Refugee Hiring and Organizational Performance

Grazia D. Santangelo*, Vera Rocha, Wolfgang Sofka

*Corresponding author for this work

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Prior research on the performance effects of hiring immigrants has mainly considered people who choose to move to other countries. We shift attention to forced migrants (i.e., refugees) and study the relationship between their employment and firm performance. We focus on the specific labor market conditions that refugees face and theorize that performance improves among firms that hire refugees. We explain this relationship using two interconnected mechanisms that revolve around refugees’ limited outside options. First, as refugees have strong incentives to remain employed, they put extensive effort into their jobs, work long hours, and, thereby, reduce the employer’s labor costs related to worker turnover (effort mechanism). Second, as refugees are generally willing to accept low pay, hiring them reduces the employer’s labor costs related to salaries (remuneration mechanism). Moreover, we theorize that greater job insecurity at the hiring firm strengthens both mechanisms because it increases refugees’ perceived risk of being fired and their fear of being unemployed. We find support for our theoretical predictions in a matched sample of 27,782 firms in Denmark covering the period from 2001 to 2016.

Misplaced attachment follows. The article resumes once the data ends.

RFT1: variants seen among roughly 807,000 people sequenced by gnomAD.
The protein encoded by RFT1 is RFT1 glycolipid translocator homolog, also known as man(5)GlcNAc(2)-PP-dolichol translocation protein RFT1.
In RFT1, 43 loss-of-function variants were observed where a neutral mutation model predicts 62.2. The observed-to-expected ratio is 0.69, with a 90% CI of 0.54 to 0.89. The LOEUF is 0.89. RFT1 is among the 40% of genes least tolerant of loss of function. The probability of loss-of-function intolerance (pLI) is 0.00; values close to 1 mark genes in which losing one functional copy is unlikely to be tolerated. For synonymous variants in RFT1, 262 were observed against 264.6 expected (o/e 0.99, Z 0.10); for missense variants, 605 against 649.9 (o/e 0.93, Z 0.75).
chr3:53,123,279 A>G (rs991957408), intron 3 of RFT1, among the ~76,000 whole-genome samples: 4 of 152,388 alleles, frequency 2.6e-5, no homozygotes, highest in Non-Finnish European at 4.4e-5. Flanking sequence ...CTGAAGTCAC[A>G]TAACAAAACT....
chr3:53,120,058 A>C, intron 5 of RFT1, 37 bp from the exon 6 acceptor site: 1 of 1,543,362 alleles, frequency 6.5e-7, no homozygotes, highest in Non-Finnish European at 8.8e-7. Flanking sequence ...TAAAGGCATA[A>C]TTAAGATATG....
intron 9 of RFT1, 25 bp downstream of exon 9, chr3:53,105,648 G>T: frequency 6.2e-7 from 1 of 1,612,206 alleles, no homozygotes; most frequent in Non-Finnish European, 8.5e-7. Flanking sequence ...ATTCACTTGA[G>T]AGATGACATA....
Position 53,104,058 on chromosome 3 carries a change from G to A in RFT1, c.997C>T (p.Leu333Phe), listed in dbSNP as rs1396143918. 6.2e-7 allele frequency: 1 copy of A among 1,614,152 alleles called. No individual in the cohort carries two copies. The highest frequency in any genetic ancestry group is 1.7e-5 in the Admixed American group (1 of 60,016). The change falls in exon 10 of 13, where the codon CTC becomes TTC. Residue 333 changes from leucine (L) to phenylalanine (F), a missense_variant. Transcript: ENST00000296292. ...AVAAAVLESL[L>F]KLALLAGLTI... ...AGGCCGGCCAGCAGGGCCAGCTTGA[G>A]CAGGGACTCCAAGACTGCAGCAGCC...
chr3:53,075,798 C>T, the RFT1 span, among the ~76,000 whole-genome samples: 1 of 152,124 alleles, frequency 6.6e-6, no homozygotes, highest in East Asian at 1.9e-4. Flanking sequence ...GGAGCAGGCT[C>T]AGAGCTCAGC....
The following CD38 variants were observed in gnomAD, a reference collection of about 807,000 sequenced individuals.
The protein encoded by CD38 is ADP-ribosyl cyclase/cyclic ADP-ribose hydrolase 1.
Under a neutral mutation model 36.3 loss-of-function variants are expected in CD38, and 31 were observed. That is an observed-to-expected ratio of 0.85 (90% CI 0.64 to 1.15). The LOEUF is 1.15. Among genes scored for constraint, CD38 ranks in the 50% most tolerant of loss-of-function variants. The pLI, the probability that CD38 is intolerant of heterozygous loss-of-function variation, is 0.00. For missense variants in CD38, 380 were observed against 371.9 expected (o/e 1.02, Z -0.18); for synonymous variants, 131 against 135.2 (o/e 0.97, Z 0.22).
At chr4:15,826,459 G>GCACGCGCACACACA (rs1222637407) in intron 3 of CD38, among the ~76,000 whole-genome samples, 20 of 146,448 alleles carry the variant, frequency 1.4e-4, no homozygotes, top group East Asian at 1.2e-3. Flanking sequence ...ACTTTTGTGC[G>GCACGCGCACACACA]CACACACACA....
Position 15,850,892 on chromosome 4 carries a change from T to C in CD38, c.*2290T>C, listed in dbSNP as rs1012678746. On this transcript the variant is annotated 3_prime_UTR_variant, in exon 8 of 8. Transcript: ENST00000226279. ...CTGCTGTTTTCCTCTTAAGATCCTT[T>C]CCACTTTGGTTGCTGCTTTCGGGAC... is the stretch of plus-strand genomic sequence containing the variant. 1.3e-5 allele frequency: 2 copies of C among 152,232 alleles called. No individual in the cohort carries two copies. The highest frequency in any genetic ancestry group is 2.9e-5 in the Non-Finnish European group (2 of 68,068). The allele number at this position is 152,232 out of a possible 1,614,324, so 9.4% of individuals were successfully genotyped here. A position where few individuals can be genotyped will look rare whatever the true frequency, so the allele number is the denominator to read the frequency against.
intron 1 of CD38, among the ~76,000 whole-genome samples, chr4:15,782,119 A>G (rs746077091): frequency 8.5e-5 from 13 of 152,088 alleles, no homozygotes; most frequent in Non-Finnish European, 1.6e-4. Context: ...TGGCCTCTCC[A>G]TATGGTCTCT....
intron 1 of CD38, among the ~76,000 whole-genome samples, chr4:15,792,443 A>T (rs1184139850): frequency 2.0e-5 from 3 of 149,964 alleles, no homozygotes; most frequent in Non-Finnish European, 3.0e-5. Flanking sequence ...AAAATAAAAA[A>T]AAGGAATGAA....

Original languageEnglish
JournalOrganization Science
Number of pages23
Publication statusPublished - 23 Feb 2024

Bibliographical note

Epub ahead of print. Published online: 23 Feb 2024.


  • Refugees
  • Labor market
  • Firm performance

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